Danny Elfman is in the control room at 20th Century-Fox's scoring stage, mixing the main-title music for Men in Black 2, his second big action movie of the summer.
As he listens carefully to the playback of the orchestral track, he paces the floor in his stocking feet, head buried in a score as several technicians await his direction. Intense and specific, he knows what he wants and asks for multiple run-throughs before he gets it.
During a lunch break, the wiry redhead sits down to discuss the honor that clearly leaves him uncomfortable: BMI's Richard Kirk Award for Outstanding Career Achievement. "Maybe I'm supposed to retire or die now," he quips. "I'm flattered. I still feel like an upstart."
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Elfman, 49, is no longer an upstart. He's a well-established composer of movie scores with a Grammy, six other Grammy nominations and two Academy Award nominations to his credit. But what makes him unique - and what caused him to be regarded with suspicion for years by conservatory-trained Hollywood musicians - is that he comes out of rock & roll.
Specifically, he was front man for the highly regarded Los Angeles band Oingo Boingo. And before that, he spent eight years as a founding member of its predecessor, an avant-garde musical theater troupe called the Mystic Knights of the Oingo Boingo. Although he could never have guessed at the time, all of this "street training," as he terms it, turned out to be ideal background for a film composer.
Despite his rock-artist background, some of Elfman's biggest hits have actually been large-scale orchestral scores, often with choral elements: the dark, gothic mystery of Batman (1989), which won him a Grammy; the touching fantasy Edward Scissorhands (1990), with its delicately lyrical passages; the raucous, fun music of Men in Black and the haunting, sensitive score for Good Will Hunting, which earned him dual Oscar nominations in 1997; and the heroic, fast-moving music for this year's blockbuster Spider-Man.
Now, with more than 50 films behind him, Elfman can also point with pride to other projects that have demonstrated his stylistic versatility: the romantic Sommersby (1993), the vaguely English ambiance of Black Beauty (1994), the dissonance of Dolores Claiborne (1995), the urban funk of Dead Presidents (1995), the urgency and '60s-style suspense of Mission: Impossible (1996) and the unsettling, eerie musical effects of A Simple Plan (1998).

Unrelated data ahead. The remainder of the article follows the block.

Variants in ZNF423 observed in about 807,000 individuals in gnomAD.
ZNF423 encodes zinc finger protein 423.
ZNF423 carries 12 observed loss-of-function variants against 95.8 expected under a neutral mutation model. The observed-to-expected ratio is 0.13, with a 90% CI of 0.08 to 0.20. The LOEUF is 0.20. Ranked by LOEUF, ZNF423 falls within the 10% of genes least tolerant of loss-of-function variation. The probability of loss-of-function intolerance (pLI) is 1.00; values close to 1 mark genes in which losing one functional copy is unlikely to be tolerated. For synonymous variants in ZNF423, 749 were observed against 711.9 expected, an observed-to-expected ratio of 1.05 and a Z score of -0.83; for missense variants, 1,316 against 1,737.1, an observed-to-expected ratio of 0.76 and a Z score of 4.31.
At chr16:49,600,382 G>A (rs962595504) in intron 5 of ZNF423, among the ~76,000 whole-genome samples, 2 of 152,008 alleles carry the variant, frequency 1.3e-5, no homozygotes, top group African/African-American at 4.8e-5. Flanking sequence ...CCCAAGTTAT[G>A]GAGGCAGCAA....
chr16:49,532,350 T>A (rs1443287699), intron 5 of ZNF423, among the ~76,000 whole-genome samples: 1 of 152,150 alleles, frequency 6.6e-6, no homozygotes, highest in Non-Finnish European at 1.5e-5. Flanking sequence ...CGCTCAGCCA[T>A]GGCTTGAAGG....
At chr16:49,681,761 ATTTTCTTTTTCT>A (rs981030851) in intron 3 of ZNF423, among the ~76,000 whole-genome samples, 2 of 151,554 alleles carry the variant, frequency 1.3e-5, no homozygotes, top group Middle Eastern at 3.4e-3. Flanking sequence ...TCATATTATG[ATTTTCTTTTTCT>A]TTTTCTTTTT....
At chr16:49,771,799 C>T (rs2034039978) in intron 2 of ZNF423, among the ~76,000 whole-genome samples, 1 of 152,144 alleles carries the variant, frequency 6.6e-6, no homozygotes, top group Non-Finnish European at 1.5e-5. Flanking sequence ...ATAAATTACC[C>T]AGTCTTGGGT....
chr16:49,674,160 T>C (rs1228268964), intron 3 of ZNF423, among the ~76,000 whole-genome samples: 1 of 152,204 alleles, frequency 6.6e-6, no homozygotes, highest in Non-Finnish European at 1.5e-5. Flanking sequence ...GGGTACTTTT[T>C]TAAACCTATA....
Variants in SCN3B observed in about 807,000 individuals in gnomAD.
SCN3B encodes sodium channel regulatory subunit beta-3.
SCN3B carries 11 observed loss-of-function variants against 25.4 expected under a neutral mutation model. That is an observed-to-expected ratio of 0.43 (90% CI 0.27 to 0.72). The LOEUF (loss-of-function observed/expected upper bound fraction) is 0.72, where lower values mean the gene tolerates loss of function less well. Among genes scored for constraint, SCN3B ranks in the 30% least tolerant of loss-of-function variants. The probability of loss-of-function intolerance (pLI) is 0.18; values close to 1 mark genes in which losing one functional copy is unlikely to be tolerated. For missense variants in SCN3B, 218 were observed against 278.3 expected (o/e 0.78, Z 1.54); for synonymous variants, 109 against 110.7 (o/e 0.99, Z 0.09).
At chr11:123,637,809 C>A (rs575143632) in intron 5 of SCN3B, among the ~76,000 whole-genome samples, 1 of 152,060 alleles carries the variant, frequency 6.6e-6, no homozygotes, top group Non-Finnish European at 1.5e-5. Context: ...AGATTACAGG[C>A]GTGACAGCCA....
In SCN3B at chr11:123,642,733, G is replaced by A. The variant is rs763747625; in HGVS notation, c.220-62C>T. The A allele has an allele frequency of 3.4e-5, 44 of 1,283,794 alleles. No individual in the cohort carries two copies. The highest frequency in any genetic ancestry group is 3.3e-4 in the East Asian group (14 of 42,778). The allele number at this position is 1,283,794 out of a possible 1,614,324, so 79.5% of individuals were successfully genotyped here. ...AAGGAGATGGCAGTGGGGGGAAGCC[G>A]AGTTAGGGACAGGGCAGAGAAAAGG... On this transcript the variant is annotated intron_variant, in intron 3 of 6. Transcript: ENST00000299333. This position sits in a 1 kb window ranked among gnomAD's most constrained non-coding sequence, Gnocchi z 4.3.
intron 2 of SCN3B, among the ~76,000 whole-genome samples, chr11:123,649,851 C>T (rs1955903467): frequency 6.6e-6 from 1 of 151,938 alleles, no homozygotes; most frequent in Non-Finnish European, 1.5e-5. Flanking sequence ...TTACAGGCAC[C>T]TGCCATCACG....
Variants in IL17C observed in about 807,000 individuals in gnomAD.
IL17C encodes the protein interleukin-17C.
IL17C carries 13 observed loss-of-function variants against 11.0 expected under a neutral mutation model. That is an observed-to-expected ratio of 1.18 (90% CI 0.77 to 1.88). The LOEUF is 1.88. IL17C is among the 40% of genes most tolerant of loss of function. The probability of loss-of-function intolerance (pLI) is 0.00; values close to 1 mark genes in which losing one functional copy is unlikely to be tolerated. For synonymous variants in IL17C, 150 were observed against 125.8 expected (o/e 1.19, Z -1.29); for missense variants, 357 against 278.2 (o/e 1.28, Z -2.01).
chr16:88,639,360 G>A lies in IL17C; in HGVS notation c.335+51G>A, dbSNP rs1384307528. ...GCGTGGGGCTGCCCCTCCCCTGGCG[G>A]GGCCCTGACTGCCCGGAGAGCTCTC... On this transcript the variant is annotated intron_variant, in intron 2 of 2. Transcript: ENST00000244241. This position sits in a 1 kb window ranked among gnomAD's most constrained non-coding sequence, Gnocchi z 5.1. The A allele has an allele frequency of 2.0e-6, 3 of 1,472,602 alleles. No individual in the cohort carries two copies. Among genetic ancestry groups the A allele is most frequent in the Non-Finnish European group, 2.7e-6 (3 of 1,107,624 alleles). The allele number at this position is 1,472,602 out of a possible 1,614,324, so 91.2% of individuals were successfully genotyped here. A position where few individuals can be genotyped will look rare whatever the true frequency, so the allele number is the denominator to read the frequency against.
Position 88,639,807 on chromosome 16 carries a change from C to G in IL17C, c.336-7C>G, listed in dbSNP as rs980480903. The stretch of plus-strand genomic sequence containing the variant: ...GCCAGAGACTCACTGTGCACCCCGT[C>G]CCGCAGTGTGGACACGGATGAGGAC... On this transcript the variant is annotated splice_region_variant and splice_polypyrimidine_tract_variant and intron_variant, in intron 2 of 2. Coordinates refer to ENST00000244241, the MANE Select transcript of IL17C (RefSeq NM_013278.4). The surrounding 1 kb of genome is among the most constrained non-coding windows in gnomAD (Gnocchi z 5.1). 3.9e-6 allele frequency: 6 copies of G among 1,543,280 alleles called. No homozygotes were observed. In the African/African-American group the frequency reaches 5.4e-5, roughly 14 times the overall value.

"My idol was Bernard Herrmann," Elfman explains, referring to the legendary composer of Citizen Kane and Psycho, "because I felt he could do anything. From day one, I wanted to feel that there was no genre that I couldn't tackle." Growing up, he adds, "the movies were my music school."
Yet he harbored no ambitions to write film music. That is, until director Tim Burton and star Paul Reubens approached him in 1985 to score Pee-wee's Big Adventure. "I thought they were crazy," says Elfman. But it was Elfman's sound they wanted, and the music (very much inspired by another of Elfman's heroes, Italian composer Nino Rota) bounced along with the wacky, offbeat comic's adventures.
Says Burton: "[Danny] brings that intuitive excitement to a project. He's able to understand things people don't understand on the surface and get underneath it, like a silent movie, where you're part of the emotion without overstating it."
Adds Spider-Man director Sam Raimi: "He gently carries the audience to that next place, but he allows them to do the work. He's a genius. That word can't be thrown about, but when you listen to his music and the diversity of it and how successful it is with the images, I don't know if there's a better word to describe him."
And although few people in movies mention it, Elfman's television themes are equally popular, especially the long-running theme for Fox's The Simpsons. "He was a natural, he's brilliant," says creator Matt Groening.
Elfman says that he often spends "three or four weeks, just banging away," in an attempt to find the right mood for a score. "If I can capture the tone for two or three scenes that are very important to the movie, but very different to one another, I have it," he says. "Then suddenly I'll go into hyperdrive and do the rest of the film in three or four weeks."
With Brett Ratner's Red Dragon on his agenda for later this year, Elfman says he plans to lighten the load, trimming back to "one big film a year, and leave myself open to a small one." Ever the maverick, he hopes to expand his musical horizons to encompass ballet (Edward Scissorhands, for London choreographer Matthew Bourne) and possibly a concerto ("I definitely want to get into pure orchestra," he says).
As for film, he says he keeps searching for the ideal project: "Looking for the chance to do something fresh, that canvas, that movie that will really allow a score to be special. You just have to keep doing it. You hope for that rare opportunity to do something wonderful and original."
Photo: Livia Corona